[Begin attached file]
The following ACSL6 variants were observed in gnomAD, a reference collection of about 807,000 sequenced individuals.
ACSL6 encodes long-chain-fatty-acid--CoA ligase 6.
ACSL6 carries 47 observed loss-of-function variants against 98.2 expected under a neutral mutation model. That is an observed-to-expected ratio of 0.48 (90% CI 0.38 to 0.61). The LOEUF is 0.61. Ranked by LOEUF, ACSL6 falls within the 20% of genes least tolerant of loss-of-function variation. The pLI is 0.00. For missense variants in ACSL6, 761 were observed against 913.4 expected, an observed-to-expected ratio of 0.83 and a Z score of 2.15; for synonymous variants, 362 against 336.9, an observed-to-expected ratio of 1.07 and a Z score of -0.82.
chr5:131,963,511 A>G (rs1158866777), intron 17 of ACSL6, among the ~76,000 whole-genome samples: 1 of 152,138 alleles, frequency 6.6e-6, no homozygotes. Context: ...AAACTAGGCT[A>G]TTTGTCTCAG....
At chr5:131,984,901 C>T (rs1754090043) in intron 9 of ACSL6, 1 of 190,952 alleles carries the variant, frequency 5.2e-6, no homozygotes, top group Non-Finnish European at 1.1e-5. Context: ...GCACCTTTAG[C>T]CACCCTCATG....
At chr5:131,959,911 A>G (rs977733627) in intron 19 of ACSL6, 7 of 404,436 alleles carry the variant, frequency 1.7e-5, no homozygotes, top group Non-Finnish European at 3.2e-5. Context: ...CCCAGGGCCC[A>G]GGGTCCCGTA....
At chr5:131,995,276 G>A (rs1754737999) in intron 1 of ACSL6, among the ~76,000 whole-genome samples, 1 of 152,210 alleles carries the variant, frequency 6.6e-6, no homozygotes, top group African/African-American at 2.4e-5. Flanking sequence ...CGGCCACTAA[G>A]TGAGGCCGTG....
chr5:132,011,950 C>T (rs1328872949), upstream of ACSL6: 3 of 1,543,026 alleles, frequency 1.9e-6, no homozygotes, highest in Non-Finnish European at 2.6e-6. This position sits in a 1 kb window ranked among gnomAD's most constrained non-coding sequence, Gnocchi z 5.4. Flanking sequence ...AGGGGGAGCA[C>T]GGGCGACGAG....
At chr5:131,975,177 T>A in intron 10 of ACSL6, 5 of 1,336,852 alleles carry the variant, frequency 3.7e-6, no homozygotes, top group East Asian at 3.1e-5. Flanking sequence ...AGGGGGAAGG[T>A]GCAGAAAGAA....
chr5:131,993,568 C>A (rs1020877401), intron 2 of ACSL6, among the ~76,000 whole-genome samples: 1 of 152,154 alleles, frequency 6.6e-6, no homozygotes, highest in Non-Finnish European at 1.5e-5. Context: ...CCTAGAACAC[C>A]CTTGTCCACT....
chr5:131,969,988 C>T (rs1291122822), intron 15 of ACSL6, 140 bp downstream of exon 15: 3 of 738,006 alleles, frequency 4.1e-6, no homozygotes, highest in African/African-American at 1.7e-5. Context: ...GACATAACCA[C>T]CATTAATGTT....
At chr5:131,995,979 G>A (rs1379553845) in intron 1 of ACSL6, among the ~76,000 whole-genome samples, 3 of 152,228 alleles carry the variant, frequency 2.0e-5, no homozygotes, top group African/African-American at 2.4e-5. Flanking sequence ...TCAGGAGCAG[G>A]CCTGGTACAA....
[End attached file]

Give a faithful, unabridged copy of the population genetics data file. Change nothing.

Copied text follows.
The following ACSL6 variants were observed in gnomAD, a reference collection of about 807,000 sequenced individuals.
ACSL6 encodes long-chain-fatty-acid--CoA ligase 6.
ACSL6 carries 47 observed loss-of-function variants against 98.2 expected under a neutral mutation model. That is an observed-to-expected ratio of 0.48 (90% CI 0.38 to 0.61). The LOEUF is 0.61. Ranked by LOEUF, ACSL6 falls within the 20% of genes least tolerant of loss-of-function variation. The pLI is 0.00. For missense variants in ACSL6, 761 were observed against 913.4 expected, an observed-to-expected ratio of 0.83 and a Z score of 2.15; for synonymous variants, 362 against 336.9, an observed-to-expected ratio of 1.07 and a Z score of -0.82.
chr5:131,963,511 A>G (rs1158866777), intron 17 of ACSL6, among the ~76,000 whole-genome samples: 1 of 152,138 alleles, frequency 6.6e-6, no homozygotes. Context: ...AAACTAGGCT[A>G]TTTGTCTCAG....
At chr5:131,984,901 C>T (rs1754090043) in intron 9 of ACSL6, 1 of 190,952 alleles carries the variant, frequency 5.2e-6, no homozygotes, top group Non-Finnish European at 1.1e-5. Context: ...GCACCTTTAG[C>T]CACCCTCATG....
At chr5:131,959,911 A>G (rs977733627) in intron 19 of ACSL6, 7 of 404,436 alleles carry the variant, frequency 1.7e-5, no homozygotes, top group Non-Finnish European at 3.2e-5. Context: ...CCCAGGGCCC[A>G]GGGTCCCGTA....
At chr5:131,995,276 G>A (rs1754737999) in intron 1 of ACSL6, among the ~76,000 whole-genome samples, 1 of 152,210 alleles carries the variant, frequency 6.6e-6, no homozygotes, top group African/African-American at 2.4e-5. Flanking sequence ...CGGCCACTAA[G>A]TGAGGCCGTG....
chr5:132,011,950 C>T (rs1328872949), upstream of ACSL6: 3 of 1,543,026 alleles, frequency 1.9e-6, no homozygotes, highest in Non-Finnish European at 2.6e-6. This position sits in a 1 kb window ranked among gnomAD's most constrained non-coding sequence, Gnocchi z 5.4. Flanking sequence ...AGGGGGAGCA[C>T]GGGCGACGAG....
At chr5:131,975,177 T>A in intron 10 of ACSL6, 5 of 1,336,852 alleles carry the variant, frequency 3.7e-6, no homozygotes, top group East Asian at 3.1e-5. Flanking sequence ...AGGGGGAAGG[T>A]GCAGAAAGAA....
chr5:131,993,568 C>A (rs1020877401), intron 2 of ACSL6, among the ~76,000 whole-genome samples: 1 of 152,154 alleles, frequency 6.6e-6, no homozygotes, highest in Non-Finnish European at 1.5e-5. Context: ...CCTAGAACAC[C>A]CTTGTCCACT....
chr5:131,969,988 C>T (rs1291122822), intron 15 of ACSL6, 140 bp downstream of exon 15: 3 of 738,006 alleles, frequency 4.1e-6, no homozygotes, highest in African/African-American at 1.7e-5. Context: ...GACATAACCA[C>T]CATTAATGTT....
At chr5:131,995,979 G>A (rs1379553845) in intron 1 of ACSL6, among the ~76,000 whole-genome samples, 3 of 152,228 alleles carry the variant, frequency 2.0e-5, no homozygotes, top group African/African-American at 2.4e-5. Flanking sequence ...TCAGGAGCAG[G>A]CCTGGTACAA....